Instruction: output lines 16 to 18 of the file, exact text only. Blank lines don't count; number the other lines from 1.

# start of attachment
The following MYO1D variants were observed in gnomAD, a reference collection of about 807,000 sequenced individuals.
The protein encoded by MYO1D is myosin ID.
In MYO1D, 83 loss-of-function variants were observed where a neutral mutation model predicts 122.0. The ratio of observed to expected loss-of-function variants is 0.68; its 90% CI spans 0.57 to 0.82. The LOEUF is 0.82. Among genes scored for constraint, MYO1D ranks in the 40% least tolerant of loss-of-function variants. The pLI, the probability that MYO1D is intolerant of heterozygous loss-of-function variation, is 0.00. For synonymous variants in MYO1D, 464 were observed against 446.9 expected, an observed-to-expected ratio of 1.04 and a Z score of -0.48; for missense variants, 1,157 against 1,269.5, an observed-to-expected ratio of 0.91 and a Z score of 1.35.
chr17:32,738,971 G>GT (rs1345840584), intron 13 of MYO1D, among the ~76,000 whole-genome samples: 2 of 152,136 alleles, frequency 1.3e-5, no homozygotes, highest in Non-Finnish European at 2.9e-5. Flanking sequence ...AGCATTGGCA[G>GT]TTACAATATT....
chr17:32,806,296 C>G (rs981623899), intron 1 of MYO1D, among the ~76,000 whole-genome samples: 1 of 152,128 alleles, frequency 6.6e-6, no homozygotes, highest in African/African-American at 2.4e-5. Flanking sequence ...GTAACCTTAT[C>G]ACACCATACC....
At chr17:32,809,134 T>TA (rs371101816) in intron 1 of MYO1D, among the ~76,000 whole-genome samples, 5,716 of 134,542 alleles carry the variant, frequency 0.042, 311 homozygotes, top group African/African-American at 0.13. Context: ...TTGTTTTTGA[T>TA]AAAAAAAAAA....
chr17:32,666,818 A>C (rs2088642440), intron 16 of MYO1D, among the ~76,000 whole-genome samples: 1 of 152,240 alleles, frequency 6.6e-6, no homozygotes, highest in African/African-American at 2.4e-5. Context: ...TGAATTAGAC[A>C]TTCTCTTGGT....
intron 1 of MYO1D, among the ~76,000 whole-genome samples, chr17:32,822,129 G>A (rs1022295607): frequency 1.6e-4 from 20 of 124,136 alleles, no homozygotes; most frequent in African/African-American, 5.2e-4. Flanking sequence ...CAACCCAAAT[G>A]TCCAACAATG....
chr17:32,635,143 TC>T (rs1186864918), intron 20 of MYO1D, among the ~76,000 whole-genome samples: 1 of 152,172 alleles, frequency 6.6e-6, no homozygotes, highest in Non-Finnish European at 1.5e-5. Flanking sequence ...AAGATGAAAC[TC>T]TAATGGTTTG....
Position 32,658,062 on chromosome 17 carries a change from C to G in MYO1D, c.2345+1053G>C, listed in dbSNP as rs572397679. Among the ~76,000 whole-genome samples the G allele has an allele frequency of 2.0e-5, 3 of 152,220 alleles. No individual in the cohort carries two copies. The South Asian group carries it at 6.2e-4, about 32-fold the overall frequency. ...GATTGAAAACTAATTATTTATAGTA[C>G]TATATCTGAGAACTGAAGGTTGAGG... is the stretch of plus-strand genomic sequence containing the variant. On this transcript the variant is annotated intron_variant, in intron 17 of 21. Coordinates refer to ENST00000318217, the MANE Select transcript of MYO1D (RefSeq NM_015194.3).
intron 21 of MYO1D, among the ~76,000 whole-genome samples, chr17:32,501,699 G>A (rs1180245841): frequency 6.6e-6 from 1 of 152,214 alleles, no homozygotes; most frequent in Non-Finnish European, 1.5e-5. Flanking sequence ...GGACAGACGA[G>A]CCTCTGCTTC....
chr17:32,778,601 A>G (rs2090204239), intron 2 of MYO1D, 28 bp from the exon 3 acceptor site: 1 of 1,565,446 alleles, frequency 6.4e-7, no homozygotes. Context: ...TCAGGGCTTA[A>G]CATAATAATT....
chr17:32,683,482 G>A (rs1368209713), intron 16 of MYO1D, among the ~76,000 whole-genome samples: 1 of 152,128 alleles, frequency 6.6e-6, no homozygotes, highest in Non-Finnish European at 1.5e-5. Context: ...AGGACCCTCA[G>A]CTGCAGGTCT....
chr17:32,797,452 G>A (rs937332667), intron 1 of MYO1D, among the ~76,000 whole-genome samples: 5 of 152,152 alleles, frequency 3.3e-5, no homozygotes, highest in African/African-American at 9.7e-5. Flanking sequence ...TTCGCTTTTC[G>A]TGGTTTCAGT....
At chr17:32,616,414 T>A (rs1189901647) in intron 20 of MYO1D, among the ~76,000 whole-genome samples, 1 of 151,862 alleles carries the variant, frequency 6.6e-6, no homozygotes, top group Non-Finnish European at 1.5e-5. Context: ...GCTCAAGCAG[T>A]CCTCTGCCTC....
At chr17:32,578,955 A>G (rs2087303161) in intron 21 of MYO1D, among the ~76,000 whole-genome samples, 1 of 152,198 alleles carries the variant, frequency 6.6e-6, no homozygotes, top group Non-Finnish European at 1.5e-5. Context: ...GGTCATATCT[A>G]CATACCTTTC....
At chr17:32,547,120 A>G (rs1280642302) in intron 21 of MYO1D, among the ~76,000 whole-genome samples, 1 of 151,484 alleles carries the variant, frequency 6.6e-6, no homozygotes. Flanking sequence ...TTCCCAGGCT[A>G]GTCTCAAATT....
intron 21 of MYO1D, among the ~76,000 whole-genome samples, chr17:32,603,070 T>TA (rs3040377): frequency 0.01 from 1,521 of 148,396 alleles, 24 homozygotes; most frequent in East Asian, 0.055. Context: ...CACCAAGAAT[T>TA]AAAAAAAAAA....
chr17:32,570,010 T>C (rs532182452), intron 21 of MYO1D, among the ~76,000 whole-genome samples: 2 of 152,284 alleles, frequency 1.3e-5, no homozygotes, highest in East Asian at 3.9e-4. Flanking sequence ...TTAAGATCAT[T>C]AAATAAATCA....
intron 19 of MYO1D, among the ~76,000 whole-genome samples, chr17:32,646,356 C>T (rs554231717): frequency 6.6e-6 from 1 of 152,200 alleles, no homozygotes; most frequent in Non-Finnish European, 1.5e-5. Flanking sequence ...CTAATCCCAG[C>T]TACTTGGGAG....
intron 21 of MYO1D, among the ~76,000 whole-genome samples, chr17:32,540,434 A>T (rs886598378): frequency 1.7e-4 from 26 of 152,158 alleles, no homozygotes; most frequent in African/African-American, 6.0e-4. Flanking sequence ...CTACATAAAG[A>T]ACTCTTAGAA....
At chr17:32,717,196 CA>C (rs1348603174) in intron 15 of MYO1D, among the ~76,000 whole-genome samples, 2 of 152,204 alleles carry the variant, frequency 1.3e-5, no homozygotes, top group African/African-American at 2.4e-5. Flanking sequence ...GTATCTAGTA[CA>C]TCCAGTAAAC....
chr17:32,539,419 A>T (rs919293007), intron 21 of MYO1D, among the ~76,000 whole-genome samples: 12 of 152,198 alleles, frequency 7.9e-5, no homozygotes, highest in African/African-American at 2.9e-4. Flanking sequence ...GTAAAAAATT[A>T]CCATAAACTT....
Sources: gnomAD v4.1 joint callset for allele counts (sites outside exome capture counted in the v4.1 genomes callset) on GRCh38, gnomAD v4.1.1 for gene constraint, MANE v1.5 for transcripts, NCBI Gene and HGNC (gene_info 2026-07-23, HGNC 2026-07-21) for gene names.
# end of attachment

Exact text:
At chr17:32,578,955 A>G (rs2087303161) in intron 21 of MYO1D, among the ~76,000 whole-genome samples, 1 of 152,198 alleles carries the variant, frequency 6.6e-6, no homozygotes, top group Non-Finnish European at 1.5e-5. Context: ...GGTCATATCT[A>G]CATACCTTTC....
At chr17:32,547,120 A>G (rs1280642302) in intron 21 of MYO1D, among the ~76,000 whole-genome samples, 1 of 151,484 alleles carries the variant, frequency 6.6e-6, no homozygotes. Flanking sequence ...TTCCCAGGCT[A>G]GTCTCAAATT....
intron 21 of MYO1D, among the ~76,000 whole-genome samples, chr17:32,603,070 T>TA (rs3040377): frequency 0.01 from 1,521 of 148,396 alleles, 24 homozygotes; most frequent in East Asian, 0.055. Context: ...CACCAAGAAT[T>TA]AAAAAAAAAA....